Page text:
Archery only season has come to an end here in Zone C, as defined by our stewards at the Florida Wildlife Commission. I’ve enjoyed a fantastic month of bow and arrow freezer filling. To be sure, there’s a lot of hunting season left before us and I’ll be taking advantage of a good portion of what’s left to fill my freezers with enough organic protein to see me throughout the upcoming year.
As I sit tonight, the harvest report carries two rack bucks and two fat sows. Not a bad place to be so early yet in the season. I posted such on social media and it opened a conversation between myself a few bowhunters who are new to the sport; they wanted to learn a sure-fire way to increase their own success on the hunt. My only answer was that there are no real shortcuts to a full freezer, that bowhunting is a sport that can take years of lessons to earn your success.
One bit of advice I offered them, was simply to, “get out of the tree.”
“What do you mean, a blind?” I was asked.
I explained that the only thing you are learning is how to walk to a stand, get up in the stand, and hope a deer walks by you the same time you are in the stand. But, the deer heard you and saw you, and you never knew it. The deer smelled you from a hundred yards out and you never knew it. You can only learn from the deer that you see or encounter firsthand. While you are sitting in a tree, you are losing encounters to learn from. I suggested that if they would go out to learn deer, their patterns, and habits, they will become better. Yes, you can learn stand hunting but you do not learn how to become a better deer hunter.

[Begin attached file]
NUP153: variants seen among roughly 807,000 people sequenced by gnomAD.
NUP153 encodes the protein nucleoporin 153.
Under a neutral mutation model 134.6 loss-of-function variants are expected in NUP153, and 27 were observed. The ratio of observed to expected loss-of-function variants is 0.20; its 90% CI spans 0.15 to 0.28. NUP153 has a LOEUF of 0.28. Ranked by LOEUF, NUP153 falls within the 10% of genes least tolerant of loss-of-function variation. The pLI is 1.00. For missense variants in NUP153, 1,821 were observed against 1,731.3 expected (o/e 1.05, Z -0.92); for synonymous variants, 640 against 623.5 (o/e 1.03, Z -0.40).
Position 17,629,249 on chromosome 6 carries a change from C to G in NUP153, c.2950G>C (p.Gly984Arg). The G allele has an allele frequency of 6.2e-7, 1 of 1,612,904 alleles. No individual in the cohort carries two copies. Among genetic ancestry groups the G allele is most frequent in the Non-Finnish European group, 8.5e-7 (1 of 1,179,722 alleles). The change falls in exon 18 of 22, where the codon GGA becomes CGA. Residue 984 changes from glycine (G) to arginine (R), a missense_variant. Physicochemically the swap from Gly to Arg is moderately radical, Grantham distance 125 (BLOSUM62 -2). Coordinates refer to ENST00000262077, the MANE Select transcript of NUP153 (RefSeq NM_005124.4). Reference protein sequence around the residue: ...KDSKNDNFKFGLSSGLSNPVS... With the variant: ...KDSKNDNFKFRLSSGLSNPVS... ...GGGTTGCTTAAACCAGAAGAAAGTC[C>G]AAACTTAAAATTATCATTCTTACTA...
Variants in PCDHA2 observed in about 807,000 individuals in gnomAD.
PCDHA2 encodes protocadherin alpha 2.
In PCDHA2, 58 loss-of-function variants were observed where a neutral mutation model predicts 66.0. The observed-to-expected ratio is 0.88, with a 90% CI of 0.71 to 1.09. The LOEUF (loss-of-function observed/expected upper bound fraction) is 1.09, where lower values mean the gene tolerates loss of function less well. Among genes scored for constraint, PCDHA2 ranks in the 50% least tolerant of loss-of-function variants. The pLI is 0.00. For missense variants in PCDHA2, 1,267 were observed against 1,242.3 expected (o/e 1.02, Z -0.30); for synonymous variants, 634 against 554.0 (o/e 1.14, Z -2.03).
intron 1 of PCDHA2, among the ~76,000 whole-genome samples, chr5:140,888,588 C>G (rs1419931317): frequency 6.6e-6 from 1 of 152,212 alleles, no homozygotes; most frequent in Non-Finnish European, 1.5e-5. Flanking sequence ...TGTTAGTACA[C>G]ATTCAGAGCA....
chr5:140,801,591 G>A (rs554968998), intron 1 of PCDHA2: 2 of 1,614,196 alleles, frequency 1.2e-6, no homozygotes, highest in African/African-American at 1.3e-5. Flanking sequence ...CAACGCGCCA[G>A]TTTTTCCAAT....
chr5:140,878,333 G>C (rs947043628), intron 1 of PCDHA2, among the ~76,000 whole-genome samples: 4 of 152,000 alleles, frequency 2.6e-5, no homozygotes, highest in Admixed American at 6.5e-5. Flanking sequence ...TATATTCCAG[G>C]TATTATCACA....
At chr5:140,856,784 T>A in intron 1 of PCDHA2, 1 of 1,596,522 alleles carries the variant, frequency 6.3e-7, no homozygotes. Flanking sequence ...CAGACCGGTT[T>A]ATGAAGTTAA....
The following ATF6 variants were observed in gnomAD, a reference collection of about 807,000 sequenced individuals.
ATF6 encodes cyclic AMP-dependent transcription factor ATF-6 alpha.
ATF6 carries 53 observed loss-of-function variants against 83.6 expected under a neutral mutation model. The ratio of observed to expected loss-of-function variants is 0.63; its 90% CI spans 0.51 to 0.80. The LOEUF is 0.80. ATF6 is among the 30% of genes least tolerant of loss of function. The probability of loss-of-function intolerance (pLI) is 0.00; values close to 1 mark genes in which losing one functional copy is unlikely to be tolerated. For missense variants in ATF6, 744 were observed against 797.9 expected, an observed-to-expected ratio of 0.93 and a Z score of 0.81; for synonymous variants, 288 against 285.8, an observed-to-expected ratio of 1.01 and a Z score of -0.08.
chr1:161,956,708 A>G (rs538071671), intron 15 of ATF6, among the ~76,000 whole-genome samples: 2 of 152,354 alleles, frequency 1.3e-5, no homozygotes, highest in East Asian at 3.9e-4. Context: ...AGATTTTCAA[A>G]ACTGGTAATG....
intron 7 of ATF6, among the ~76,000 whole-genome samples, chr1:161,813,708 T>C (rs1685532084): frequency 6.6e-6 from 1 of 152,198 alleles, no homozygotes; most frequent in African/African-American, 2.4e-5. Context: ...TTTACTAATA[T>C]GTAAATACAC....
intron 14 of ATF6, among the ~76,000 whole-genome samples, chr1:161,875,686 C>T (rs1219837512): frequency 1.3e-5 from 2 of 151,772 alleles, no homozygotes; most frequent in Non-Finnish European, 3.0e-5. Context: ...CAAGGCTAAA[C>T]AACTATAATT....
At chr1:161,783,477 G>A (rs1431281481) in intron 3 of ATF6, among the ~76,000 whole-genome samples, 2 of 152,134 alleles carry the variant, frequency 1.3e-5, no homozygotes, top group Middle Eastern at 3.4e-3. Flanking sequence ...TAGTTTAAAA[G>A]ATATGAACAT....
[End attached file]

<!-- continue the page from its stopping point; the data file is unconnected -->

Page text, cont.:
I then said you have to be willing to pay your dues to become better. You have to learn how to walk silently in the woods and fields. You have to learn how to move without being seen. You have to learn to see what is there and not move. You have to learn how to hear with all the noise around you. You have to be willing to put yourself at a disadvantage to learn how to make it an advantage. I tried to explain that killing deer does not make you better at deer hunting; becoming intimate with the deer and their environment does.
Saturday begins the season for muzzleloading. I don’t often participate, as we’re allowed to continue hunting at this time with a bow and arrow as well, but this year, I’ll be going afield with an ancient Kentucky flintlock rifle from the late 19th century, I inherited. I’m looking forward to letting that old.45 Caliber blow some smoke, just one more time. I’ll let you know how I do.
As always, if you have any questions or comments on this week’s column, feel free to reach out to me at [email protected]. God bless and good hunting!